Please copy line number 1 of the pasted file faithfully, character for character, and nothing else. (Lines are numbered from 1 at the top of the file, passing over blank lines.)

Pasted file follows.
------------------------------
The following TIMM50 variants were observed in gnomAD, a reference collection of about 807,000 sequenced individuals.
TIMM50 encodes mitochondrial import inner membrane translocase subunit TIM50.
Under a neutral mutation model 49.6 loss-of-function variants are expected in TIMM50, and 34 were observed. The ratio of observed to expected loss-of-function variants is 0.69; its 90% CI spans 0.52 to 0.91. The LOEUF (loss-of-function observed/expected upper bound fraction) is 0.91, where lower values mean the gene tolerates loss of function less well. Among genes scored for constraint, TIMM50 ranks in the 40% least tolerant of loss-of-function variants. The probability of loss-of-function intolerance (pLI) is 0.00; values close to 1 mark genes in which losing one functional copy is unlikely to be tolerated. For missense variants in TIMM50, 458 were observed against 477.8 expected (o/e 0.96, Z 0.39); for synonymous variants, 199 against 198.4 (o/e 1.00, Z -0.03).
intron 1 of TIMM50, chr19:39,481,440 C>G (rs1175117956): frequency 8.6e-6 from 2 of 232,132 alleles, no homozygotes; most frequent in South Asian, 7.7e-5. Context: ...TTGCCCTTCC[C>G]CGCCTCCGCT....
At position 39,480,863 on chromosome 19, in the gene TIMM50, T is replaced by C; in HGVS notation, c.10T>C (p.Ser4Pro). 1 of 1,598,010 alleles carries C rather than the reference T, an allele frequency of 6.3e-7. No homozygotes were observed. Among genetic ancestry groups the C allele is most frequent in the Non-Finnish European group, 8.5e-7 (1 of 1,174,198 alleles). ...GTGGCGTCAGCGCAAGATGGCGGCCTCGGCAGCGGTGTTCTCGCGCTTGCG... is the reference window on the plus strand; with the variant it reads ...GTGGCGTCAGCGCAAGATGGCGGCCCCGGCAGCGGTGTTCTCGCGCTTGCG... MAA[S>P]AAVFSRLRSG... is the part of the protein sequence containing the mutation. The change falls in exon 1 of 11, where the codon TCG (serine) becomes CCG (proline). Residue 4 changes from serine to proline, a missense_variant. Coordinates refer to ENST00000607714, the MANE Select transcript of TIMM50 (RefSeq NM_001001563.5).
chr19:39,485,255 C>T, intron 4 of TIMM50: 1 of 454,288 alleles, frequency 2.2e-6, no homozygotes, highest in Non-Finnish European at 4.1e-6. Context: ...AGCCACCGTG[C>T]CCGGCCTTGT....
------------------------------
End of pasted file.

The following TIMM50 variants were observed in gnomAD, a reference collection of about 807,000 sequenced individuals.